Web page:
In particular, I am pleased to read in the words of this new president of Nigeria, the phrase "maturing democracy." This is the same phrase, nearly, used at this time by the government of the Peoples Republic of China, in speeches by its president and premier.

No human government on earth is at this time perfect. And I think it is essential that we all, like I feel the governmental leaders of China, and now I see Nigeria are doing, namely, acknowledging their fallibility while continuing to indicate their determination to correct that which may, like that of any adolescent child, striving to mature toward her or his ideal of mature, responsible, fully accountable adulthood, whether as a human or as a nation, will do.

I now pray, humbly, that my Lord Jehovah, will do what he can to assist your traditional god, Yoruba, in realizing this honorable, worthwhile goal. Thank you.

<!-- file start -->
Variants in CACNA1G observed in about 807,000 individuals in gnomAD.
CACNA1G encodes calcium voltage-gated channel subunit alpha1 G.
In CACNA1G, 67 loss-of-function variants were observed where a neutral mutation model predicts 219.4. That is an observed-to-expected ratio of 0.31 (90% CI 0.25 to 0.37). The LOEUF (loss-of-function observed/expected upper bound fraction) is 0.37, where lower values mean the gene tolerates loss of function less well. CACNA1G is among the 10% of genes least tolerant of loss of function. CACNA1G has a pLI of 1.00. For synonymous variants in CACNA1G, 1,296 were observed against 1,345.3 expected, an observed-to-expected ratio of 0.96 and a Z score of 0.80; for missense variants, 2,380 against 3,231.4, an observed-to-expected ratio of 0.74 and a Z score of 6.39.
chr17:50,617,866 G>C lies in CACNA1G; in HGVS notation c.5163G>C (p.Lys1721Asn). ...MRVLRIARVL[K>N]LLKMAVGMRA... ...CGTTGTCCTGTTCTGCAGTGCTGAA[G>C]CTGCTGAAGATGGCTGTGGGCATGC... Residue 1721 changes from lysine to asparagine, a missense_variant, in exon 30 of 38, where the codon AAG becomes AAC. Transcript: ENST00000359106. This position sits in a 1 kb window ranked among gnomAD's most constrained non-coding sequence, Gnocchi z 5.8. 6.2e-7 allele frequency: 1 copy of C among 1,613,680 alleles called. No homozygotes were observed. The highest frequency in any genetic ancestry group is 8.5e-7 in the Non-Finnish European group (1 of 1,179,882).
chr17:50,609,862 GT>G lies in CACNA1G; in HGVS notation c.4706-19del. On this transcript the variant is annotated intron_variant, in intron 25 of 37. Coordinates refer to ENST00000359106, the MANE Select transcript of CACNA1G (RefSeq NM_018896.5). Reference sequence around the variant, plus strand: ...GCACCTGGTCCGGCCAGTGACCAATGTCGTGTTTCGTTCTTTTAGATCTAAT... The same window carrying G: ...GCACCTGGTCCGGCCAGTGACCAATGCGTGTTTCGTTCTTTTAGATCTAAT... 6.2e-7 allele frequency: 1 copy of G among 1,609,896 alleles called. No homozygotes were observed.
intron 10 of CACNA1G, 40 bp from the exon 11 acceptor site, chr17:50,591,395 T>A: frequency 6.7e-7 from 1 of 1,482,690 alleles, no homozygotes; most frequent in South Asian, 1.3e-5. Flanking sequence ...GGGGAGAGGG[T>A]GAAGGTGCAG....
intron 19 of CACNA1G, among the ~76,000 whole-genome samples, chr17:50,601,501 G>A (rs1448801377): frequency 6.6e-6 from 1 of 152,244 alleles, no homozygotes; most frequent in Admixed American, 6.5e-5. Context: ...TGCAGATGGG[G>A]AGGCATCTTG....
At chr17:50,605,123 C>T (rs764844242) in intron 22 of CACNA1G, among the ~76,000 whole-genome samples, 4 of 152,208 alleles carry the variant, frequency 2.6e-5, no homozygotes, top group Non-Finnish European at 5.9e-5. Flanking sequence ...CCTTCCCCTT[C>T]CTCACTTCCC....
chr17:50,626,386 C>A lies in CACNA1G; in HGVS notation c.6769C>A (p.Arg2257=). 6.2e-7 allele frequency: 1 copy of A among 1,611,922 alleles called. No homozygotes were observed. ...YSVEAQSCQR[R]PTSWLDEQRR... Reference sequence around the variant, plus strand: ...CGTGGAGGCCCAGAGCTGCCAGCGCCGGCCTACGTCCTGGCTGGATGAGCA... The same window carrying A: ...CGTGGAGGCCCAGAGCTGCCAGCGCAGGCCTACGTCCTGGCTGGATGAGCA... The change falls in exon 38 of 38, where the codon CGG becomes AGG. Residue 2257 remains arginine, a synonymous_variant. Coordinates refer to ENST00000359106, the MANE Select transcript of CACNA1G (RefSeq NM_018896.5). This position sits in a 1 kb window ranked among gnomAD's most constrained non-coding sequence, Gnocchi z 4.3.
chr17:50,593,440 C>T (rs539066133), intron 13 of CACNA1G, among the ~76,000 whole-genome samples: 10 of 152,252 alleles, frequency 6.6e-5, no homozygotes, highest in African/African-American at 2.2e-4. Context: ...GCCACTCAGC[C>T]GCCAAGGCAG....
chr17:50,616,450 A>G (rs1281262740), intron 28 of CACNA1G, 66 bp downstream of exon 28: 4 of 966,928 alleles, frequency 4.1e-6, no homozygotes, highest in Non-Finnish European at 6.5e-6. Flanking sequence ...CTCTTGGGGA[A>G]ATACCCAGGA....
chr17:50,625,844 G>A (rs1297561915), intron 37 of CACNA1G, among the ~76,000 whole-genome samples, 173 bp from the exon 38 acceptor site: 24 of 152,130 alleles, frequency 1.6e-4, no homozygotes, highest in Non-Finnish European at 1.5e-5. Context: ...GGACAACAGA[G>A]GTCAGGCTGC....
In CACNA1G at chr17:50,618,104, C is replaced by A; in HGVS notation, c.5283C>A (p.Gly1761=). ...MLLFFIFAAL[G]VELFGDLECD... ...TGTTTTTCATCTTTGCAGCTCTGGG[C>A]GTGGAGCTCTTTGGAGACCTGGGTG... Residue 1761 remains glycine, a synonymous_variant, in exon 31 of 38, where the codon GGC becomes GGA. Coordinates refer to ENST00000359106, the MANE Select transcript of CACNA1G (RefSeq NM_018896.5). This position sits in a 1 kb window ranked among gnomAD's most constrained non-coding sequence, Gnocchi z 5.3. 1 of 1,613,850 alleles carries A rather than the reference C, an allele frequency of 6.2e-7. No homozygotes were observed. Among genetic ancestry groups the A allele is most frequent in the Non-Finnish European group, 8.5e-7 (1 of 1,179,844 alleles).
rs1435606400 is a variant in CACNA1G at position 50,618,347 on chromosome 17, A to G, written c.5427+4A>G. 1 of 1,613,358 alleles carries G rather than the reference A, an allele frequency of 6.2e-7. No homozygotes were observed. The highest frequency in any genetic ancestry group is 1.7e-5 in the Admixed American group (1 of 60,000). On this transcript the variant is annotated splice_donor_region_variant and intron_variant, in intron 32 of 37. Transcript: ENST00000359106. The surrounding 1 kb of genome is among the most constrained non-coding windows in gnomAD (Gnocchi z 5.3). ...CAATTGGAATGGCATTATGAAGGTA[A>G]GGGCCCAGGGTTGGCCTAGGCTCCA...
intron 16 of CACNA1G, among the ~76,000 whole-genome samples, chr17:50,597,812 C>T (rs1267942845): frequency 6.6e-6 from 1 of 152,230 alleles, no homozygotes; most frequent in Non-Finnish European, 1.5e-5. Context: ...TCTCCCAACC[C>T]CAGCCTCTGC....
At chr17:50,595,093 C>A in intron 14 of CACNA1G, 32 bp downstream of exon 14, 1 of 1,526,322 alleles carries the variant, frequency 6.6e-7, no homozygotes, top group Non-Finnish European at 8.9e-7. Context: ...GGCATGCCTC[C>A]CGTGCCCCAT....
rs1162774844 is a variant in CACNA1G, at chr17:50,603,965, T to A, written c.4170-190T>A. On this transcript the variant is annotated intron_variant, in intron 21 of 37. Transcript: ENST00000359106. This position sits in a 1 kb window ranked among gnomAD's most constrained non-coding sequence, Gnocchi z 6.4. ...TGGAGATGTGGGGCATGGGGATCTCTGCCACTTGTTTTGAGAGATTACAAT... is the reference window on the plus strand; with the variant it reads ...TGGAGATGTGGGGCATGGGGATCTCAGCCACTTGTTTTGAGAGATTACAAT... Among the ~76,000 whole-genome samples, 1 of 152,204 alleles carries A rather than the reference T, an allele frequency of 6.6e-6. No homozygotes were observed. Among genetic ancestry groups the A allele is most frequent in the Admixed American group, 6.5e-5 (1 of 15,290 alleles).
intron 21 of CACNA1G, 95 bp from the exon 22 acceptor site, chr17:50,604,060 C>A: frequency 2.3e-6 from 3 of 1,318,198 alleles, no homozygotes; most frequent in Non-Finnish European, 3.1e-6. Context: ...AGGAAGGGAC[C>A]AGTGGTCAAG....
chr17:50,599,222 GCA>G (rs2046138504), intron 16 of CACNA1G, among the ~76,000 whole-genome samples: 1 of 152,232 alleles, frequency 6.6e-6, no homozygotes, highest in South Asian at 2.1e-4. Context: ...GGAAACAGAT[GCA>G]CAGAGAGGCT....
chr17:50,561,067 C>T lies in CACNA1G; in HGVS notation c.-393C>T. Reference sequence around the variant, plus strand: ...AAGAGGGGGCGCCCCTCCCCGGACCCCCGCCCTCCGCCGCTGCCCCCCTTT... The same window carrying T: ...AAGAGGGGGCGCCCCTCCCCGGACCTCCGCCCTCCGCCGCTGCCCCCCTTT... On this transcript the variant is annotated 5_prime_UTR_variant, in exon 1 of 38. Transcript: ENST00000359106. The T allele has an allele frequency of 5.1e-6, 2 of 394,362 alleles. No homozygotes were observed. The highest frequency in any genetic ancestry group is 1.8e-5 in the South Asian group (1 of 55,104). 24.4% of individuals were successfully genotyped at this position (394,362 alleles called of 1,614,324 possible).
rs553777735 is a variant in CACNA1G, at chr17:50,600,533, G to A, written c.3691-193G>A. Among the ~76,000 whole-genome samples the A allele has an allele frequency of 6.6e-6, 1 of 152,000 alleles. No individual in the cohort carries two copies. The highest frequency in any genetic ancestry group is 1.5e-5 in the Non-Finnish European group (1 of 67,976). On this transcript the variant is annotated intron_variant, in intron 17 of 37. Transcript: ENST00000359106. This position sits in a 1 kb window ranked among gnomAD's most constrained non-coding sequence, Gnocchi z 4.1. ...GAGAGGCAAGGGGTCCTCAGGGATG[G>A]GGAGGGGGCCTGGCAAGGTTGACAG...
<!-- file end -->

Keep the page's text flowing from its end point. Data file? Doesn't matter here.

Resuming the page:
Richard M. Greene

Anonymous May 31, 2007 - 5:16 am

Im just glad we have for the first time in the history of our nation moved from one civilian govt to another. It has never happened before. Flawed as the elections may have been. Those calling for re-election should have a re-think. That would have meant an extention of the past govt. Thanks but no thanks! Lets continue to hope! Who knows, this guy could just end up being the much waited for messiah.

Adebisi May 31, 2007 - 1:19 am

Hmmmm…. we'll just have to wait on this one. Word is cheap. Matter of fact, might have been better if dude had just cut it down to, "Good Roads", "Affordable Housing", "Discipline ala Tunde Idiagbon Era", "Constant Power Supply" etc

Brotherman would not have needed to say anything or blow much grammar other than those few phrases.

Anyway, we'll see what this magician pulls out of his hat.